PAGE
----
An island-nation, Australia’s trading success has always been intertwined with the efficiency of its ports. Now the Port Authority of New South Wales is upping the efficiency ante – planning a wholesale migration to cloud computing, kicking off with disaster recovery.
The strategy of the Authority is to move away from an “own everything” capital intensive and monolithic approach to information technology, to a “pay as you go” approach without compromising the quality of services. Quality should instead be enhanced thanks to the flexibility and scalability that cloud computing offers, allowing the Port Authority fresh levels of agility and responsiveness.
An initial and successful transition to an Azure based disaster recovery solution has paved the way for a planned migration of all production systems to the cloud within 18 months.
Based in Sydney, the Port Authority of NSW is a state-owned corporation responsible for commercial and recreational maritime operations at multiple locations on Australia’s east coast. It handles the navigation, operation, and security needs of commercial shipping, manages Sydney’s international cruise terminals, and responds to emergencies.
It has also experienced significant and rapid change, seeing some elements privatised and new ports brought under its control. Such was the pace of change that the Authority had just a two year window to take on all those new ports’ technology management. Following the integration, the organisation was handling around 200 servers and 80 TB of data.
The need to manage these information assets efficiently and respond rapidly to changing needs was a key factor in the development of a fresh technology strategy.
“The main driver was gaining more flexibility,” explains Ian Chilton, Senior Manager, Solutions Development and Services at Port Authority of New South Wales. “We’ve gone through a lot of changes, including a period of partial privatisation, and we’ve merged with other ports in New South Wales. So we were really looking for flexibility and scalability at this stage.”
George Tzikas, Senior IT Infrastructure Specialist at Port Authority of New South Wales adds; “Obviously we wanted to move to a cloud platform, and we don’t particularly want to own infrastructure.”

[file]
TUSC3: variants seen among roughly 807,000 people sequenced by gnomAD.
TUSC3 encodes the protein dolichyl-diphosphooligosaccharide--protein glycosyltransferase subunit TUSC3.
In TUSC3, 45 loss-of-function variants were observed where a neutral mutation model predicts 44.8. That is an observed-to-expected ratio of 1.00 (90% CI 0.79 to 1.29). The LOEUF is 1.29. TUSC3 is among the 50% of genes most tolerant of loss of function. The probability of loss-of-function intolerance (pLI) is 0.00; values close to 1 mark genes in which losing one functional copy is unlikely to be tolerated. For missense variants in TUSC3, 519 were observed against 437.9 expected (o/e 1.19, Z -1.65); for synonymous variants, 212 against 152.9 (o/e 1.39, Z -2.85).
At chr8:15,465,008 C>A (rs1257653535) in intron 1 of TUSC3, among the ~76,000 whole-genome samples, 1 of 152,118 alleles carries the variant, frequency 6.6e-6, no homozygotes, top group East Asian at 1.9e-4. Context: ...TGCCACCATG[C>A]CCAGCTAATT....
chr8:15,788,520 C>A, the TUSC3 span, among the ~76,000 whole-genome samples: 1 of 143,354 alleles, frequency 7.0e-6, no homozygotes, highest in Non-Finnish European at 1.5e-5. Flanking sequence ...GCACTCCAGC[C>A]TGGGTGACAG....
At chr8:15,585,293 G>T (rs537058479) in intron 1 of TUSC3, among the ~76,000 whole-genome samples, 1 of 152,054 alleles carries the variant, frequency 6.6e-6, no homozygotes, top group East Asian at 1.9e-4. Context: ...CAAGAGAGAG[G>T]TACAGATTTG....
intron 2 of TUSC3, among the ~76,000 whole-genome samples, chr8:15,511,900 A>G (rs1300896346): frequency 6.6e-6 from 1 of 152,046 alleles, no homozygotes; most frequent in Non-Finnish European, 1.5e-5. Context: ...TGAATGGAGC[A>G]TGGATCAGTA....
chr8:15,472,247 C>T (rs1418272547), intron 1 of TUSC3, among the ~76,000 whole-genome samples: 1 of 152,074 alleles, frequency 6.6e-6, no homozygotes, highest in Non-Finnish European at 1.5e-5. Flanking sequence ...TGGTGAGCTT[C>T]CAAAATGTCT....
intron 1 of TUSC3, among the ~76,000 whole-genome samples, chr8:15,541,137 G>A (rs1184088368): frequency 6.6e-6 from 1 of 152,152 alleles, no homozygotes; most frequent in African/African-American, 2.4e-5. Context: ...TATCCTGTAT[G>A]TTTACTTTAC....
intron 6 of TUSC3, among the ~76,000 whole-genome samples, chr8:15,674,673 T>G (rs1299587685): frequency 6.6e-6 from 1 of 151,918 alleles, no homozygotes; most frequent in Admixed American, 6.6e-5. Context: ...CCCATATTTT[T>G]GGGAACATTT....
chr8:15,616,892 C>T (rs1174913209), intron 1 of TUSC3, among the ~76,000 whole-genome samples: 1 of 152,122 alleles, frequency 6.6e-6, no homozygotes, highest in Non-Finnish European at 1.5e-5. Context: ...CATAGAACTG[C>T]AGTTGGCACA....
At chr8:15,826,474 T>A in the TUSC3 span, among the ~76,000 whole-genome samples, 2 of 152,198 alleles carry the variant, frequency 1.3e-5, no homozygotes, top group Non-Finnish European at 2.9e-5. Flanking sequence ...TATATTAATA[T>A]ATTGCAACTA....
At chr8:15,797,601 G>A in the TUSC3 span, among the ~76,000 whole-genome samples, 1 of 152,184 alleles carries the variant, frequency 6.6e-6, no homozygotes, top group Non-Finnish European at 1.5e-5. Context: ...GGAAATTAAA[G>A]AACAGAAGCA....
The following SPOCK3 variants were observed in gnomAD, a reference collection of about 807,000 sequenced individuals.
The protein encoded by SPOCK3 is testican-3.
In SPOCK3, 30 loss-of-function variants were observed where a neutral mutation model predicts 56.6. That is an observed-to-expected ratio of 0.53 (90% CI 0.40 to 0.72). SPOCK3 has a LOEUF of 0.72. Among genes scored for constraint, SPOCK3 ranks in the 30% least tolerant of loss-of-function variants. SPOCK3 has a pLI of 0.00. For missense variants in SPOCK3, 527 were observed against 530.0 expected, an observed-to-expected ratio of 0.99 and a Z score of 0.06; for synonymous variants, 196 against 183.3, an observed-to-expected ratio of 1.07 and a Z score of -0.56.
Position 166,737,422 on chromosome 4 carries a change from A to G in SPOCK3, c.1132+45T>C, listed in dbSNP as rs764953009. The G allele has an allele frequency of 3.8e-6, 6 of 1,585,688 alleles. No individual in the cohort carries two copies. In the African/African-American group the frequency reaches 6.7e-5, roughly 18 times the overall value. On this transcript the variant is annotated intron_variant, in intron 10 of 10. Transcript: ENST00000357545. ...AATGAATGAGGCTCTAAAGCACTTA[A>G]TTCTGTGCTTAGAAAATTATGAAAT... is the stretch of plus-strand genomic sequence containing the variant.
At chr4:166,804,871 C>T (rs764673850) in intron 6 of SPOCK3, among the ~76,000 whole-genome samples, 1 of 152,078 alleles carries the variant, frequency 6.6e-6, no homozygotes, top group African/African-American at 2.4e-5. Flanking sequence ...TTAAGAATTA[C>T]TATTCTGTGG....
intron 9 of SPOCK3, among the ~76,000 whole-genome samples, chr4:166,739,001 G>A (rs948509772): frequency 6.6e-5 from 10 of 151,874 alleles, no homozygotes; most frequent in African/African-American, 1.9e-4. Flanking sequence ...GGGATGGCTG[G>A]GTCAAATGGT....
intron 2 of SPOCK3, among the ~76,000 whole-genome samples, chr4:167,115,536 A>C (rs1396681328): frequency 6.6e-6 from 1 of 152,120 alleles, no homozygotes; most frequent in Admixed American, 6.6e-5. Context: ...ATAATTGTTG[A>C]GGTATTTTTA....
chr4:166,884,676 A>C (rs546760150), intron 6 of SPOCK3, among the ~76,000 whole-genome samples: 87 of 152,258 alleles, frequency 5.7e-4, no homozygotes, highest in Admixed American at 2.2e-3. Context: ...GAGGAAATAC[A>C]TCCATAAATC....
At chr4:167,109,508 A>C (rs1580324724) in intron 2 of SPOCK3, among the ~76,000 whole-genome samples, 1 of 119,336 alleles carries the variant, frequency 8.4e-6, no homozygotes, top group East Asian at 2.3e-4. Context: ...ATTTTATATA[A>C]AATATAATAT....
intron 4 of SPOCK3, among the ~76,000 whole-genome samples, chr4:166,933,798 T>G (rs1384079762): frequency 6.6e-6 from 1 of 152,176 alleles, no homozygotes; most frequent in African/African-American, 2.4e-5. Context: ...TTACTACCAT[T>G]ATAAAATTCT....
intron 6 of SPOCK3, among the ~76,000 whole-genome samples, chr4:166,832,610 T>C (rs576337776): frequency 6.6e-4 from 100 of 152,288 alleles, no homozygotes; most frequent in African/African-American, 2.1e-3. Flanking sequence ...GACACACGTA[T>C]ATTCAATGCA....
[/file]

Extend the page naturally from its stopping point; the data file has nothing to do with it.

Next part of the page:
Traditionally the Authority ran two data centres – one for production and a second for disaster recovery, which was due for a refresh.
It made sense to start the cloud migration with disaster recovery. To ensure the project’s success the Authority embarked on a rigorous procurement process.
In combination with System Center Operations Manager, Operations Management Suite enables comprehensive oversight of the Port Authority’s hybrid cloud environment. “Operations Management Suite gives us a greater level of visibility over our entire infrastructure in a user-friendly format.” The transition to Microsoft Azure is about moving from a model based on capital expenditure to a system based on operational expenditure. That’s what a lot of the industry is doing: moving from a ‘we own’ to a ‘we subscribe’ model.”- Ian Chilton, Senior Manager, Solutions Development and Services, Port Authority of New South Wales.
Microsoft also had a strong partnership with Cubesys which the Authority selected to work with it on the DR migration.
Leveraging Microsoft Operations Management Suite, Azure Site Recovery and Azure Backup services, the Authority’s on-premise production data centre connects to the cloud DR through Azure ExpressRoute to ensure rapid and secure replication and recovery. StorSimple with Veeam software backs up local file data.
Besides the peace of mind that DR, and hence business continuity is underpinned by state-of-the-art cloud computing infrastructure, the IT team now has much greater visibility of its entire infrastructure according to Chilton and a good deal more flexibility than was available previously.
Cubesys also helped the Authority set up a development and test environment on Azure and created a self-service portal for developers to manage Azure Virtual Machines. “It provides the developers and testers with a one-stop shop where they don’t have to deal with the complexity of setting up servers manually,” says Chilton. “And again, that comes back to the goal of bringing up services only when we need them and closing them down when we don’t so that we get a much better, cost-effective usage of resources.”
Further freeing the Authority’s IT team for more value-adding work, Cubesys now delivers the disaster recovery process as a managed service.
With a successful initial cloud deployment for DR, the Authority is looking to harness cloud in other areas, mindful of the need to support ongoing innovation efforts and a mobile workforce of marine pilots and other port personnel who need reliable, flexible access to information systems.
It is already using Azure Active Directory for single sign-on and to provide remote access to on-premise applications. It has also started to implement Microsoft Office 365 for cloud-based access to collaboration software and file storage.
Chilton reiterates the strategy; “The transition to Microsoft cloud services is about moving from a model based on capital expenditure to one based on operational expenditure.”
By moving to the cloud, the Port Authority of New South Wales can take on current and future challenges more easily. “We have a flexible platform now,” says Chilton. “If we had to upgrade some infrastructure to accommodate a new business requirement, we can do it without actually having to go buy, install, and integrate something. It makes provision of services to our customers a bit smoother.”